his where, in matter, that we can disco- advancement of surgical science. But ver, impugned the truth of revelation: as a philosopher, he should have supand whatever may be his opinions, ported Mr. Lawrence in maintaining the (and they are certainly of comparative independence of the chair, however he insignificancy to the subject of his might have differed from him in opiworks,) we are sure Mr. Lawrence has nion. We g. 'e Mr. Abernethy credit too much common sense to believe for sincere motives in a wish to secure, that Christianity can be disposed of in as he conceived, the religious princia parenthesis. We certainly can disco- ples of the students; but we think he ver a detestation of priesteraft, which, ought rather to have shewn the insigwhatever may be the policy or pro- nificancy of the dispute as far as conpriety of disseminating it through the cerned religion, on that beautiful senmedium of his Lectures, does honour timent of the pious and philosophical to him in an age where talent and Bonnet, so often quoted by Dr. Priestpolitical prostitution are such saleable ley and others : " Si quelqu'un commodities in the market of corrup- montreroit jamais que l' âme est matétion. But we do confess we are some- rielle, loin de s'en enlarmer, il faudroit what puzzled to discover the relevancy admirer la puissance qui auroit donné of a note on the Game Laws, which a la matière la capacité de penser.Mr. Lawrence introduces as an alterative to the subject ; unless, indeed, it had been a short biographical notice * Congreve's Lore for Love.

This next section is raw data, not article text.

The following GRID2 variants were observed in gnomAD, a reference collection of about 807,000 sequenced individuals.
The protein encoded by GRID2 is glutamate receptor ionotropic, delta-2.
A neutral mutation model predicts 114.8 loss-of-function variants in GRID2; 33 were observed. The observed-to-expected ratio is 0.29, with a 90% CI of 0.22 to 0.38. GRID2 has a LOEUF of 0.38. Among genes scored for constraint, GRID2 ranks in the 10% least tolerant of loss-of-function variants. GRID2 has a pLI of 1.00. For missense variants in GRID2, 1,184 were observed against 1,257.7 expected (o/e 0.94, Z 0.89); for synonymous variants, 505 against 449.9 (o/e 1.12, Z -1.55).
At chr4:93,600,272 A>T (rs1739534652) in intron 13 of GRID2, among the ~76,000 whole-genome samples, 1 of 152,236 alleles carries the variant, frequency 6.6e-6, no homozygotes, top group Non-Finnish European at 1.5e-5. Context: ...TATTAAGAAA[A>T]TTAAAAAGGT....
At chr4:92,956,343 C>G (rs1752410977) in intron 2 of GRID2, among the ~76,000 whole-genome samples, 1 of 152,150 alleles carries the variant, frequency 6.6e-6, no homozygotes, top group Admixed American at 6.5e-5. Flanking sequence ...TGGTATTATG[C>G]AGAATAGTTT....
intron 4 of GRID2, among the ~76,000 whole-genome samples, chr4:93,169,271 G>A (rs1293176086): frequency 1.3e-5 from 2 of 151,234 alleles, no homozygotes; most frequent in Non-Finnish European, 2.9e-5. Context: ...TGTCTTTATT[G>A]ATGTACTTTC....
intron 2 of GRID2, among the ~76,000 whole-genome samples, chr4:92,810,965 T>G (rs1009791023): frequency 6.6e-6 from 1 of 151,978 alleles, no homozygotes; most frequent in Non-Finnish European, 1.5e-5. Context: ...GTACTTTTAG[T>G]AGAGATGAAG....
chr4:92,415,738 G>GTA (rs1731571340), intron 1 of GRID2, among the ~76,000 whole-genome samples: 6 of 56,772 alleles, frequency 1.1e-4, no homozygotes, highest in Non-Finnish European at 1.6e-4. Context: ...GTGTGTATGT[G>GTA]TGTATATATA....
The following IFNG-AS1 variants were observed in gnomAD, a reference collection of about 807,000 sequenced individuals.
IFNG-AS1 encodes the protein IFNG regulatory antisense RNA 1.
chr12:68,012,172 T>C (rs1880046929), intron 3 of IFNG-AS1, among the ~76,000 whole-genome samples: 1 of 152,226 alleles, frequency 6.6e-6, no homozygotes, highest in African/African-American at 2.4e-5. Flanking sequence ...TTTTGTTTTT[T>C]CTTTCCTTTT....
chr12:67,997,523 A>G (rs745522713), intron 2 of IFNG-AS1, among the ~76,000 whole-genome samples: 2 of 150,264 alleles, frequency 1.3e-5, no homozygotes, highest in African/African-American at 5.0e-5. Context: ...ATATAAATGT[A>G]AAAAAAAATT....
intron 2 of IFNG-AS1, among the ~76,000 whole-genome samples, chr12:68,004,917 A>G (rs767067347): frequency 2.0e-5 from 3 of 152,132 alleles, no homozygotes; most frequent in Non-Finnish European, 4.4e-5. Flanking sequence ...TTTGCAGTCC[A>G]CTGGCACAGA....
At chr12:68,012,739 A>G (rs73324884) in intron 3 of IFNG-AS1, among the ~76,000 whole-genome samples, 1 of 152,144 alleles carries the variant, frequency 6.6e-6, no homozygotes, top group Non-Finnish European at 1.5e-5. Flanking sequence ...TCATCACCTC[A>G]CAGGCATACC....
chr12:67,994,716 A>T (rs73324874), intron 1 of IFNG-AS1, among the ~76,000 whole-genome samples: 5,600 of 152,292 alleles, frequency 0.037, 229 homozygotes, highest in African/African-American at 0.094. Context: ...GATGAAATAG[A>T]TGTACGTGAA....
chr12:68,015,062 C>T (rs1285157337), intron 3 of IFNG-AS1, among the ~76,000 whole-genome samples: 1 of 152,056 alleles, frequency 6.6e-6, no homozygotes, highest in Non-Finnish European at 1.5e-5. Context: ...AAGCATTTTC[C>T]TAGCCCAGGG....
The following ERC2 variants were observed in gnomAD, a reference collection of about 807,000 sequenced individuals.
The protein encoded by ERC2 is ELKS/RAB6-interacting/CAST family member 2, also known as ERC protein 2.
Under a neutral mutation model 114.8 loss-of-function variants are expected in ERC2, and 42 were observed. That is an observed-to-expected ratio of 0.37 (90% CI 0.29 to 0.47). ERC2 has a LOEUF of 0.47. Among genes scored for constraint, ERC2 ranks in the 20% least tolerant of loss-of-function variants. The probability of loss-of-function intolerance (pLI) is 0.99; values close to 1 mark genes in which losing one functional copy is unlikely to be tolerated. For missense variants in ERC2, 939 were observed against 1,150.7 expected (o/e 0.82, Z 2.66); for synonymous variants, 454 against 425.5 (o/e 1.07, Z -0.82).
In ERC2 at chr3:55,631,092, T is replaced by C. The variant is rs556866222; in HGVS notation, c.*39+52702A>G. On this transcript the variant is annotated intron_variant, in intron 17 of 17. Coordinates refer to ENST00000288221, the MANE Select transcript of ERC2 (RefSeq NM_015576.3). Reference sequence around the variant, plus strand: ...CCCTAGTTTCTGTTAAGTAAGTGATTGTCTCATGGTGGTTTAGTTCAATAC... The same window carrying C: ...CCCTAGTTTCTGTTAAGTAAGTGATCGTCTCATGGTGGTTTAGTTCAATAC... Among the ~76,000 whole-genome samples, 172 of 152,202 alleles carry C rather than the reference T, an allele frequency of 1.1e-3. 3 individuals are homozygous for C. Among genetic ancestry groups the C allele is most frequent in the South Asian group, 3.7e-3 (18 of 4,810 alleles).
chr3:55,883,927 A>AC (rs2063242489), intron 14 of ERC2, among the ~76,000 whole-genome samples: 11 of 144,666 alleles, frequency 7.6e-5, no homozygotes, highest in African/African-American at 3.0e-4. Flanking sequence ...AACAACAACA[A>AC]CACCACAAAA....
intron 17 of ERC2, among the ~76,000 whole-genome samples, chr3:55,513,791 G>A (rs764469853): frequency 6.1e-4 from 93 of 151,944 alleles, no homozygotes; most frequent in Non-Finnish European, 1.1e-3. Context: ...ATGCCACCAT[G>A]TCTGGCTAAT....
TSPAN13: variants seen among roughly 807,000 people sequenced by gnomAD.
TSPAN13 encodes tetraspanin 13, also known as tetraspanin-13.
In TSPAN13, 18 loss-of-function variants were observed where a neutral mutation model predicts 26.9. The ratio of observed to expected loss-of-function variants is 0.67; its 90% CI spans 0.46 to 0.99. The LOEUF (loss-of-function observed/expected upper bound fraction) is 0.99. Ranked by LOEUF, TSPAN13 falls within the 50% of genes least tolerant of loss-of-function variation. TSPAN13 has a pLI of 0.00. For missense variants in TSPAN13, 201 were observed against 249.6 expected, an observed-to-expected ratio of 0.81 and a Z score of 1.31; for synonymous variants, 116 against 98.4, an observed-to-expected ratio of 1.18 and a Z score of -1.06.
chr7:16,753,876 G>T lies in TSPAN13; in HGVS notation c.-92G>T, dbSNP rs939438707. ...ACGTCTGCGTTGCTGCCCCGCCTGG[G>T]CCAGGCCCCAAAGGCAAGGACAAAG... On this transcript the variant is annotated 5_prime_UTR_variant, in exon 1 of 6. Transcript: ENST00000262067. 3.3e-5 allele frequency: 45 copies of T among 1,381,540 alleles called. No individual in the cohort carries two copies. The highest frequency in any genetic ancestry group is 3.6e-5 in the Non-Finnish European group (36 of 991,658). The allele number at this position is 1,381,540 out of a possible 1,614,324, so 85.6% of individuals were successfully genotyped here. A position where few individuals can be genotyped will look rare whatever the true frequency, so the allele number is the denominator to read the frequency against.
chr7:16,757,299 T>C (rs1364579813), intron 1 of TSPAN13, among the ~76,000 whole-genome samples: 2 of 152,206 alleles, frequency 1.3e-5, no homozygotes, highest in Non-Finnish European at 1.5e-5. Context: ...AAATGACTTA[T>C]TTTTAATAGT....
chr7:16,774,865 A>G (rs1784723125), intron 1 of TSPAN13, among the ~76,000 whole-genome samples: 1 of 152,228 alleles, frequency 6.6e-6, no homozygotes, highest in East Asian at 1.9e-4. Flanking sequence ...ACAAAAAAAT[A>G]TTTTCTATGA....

2 A

Mr. Abernethy, on the contrary, like we intended also to have quoted at all Immaterialists, edges in his own some length from the 9th article in hypothesis, and endeavours to define our notice, “ The Letter on the rethat which he pronounces undiscover- puted Immateriality of the Human able. A theory of Mr. John Hunter's Soul.” We can now only commend is the grand specific prescribed for the it to our readers as a most impartial prevention and cure of Mr. Lawrences and intelligent review, coinciding als influence. He has since exhibited it most entirely with our own opinions ; in several subsequent forms—in a lit- and we have the greater pleasure in tle anonymous tract on the Human these commendations, understanding Mind, dedicated to (by) himself; and its author is a clergyman of the Estalately in some reflections on Dr. Gall blishment. and Spurtzeim's System of Physiog- The anonymous author of the “ Curnomy and Phrenology. Indeed, from sory Remarks,” is an alarmnist of the the assiduity with which this grand old school, and deals wholesale in the mental catholicon is published, we odium theologicum. And the “ Graexpect some morning to see John duate of Medicine” might have saved Hunter's name supersede on the walls himself, the public, the paper manuand churches of the metropolis, “ Dr. facturer and printer, much trouble, Eady, Dean Street, Soho.". Leucip, by not going to press, with the candid pus, we remember, described the vital confession that he knows nothing of principle as a certain blue flame; and the subject. The remaining volume, this Hunterian hypothesis of Mr. Aber- “ Sketches of the Philosophy of Life,” nethy's may be termed the PILLULA by Sir C. Morgan, though an imposSalutaria, or blue pill of his meta. ing title, is rather a shallow performphysics. Whatever effect this physio- ance, and exhibits depth only in verbal logical opinion may have on his pati- mystification, as will appear in the ents, most certain it is that it did not following sentence, quoted also by the preserve the faith' of Mr. Hunter him- Quarterly Review; a bog of mystifiself, who was a notorious Atheist. cation, in which we think scarcely a And the Deism of Sir William Drum- recondite German metaphysician could mond, enveloped in clonds of immate- see his way of extrication. riality, is a pretty practical proof how